APL (Dyalog), 34 Charachters
Still trying to golf it a bit more, new to APL. Tips appreciated.
Here is an attempt to explain it, I also simplified it a bit (no charachter improvement, though)
⋄ is a statement separator, think of it as a new line.
That leaves us with 2 statements.
APL works from right to left in statements, but follows parentesis still, so
(⍴x←⍞) is executed first.
⍞ takes charachter input.
← assigns that to
⍴ gives the length of
x. Then the
-2 is executed, which subtracts 2 from the length of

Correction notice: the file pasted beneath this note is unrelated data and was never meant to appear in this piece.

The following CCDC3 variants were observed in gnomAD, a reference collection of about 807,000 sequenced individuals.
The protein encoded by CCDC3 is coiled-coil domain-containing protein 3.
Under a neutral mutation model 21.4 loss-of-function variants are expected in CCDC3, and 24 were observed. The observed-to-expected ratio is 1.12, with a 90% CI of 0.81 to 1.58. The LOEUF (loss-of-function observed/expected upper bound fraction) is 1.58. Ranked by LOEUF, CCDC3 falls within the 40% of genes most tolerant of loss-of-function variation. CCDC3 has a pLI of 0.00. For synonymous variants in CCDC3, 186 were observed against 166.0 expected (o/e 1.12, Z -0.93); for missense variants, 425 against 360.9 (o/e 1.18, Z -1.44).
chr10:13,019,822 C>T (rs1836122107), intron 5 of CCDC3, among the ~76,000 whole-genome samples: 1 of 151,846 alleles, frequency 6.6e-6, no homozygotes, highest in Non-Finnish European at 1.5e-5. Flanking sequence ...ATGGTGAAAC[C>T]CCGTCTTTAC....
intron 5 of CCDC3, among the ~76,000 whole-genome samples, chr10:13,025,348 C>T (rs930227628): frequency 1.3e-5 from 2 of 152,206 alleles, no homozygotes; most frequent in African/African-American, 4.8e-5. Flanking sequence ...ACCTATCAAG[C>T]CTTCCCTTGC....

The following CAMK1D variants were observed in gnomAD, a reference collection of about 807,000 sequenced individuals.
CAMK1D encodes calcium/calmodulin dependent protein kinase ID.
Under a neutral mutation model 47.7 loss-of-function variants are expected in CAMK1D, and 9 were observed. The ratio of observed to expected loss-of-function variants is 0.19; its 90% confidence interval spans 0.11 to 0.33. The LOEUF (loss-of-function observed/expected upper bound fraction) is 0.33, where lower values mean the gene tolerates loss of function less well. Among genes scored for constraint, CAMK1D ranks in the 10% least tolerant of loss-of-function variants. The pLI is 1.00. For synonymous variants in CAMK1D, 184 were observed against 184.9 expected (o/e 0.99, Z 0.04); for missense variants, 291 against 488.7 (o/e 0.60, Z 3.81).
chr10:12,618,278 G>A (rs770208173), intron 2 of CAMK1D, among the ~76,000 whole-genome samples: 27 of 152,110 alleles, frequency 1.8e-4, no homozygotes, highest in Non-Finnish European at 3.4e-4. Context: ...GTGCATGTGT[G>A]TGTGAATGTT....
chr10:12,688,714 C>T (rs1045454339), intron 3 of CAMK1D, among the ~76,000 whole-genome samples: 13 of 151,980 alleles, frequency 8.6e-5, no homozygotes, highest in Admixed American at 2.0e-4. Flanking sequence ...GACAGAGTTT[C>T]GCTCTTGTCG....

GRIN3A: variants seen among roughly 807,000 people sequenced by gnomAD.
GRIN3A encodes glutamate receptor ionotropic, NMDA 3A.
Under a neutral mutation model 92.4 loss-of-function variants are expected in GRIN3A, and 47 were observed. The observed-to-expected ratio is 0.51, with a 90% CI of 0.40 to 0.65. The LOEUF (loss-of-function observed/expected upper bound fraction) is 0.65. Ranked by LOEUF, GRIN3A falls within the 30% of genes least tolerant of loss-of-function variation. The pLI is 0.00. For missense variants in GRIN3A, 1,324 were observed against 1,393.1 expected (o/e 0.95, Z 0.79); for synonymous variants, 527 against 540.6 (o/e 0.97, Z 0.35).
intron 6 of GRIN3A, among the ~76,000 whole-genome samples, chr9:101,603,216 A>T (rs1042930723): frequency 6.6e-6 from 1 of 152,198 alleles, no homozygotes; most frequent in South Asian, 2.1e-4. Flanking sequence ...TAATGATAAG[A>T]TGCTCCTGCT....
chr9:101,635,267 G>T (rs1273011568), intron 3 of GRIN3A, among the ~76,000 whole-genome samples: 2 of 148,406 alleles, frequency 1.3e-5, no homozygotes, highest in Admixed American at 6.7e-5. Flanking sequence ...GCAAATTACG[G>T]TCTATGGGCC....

x. Finally, the length-2 is assigned to
y and we move on to the next statement.
x[⍴x] takes the last character of
x, think of it as
x[x.length] (using the length as the index of the last character).
, is catenate.
So we concatenate the last character of
x[1+⍳y][y?y] which takes the middle indices of
2+⍳y and applies a randomization using
1 2 3 ... y and
1+ turns this into
2 3 4 ... y+1 which are the middle indices of x, for example, this returns
[y?y] "deals" y values from 1 to y.
x[1+⍳y][y?y] grabs the middle of the word and randomizes it.
Finally, we concatenate the first charachter of
x, to the rest of the string, and that is the output of the program.
Hopefully that was understandable...
idis the identity function. I would still like to see Haskell solution to this problem in less than 100 characters. \$\endgroup\$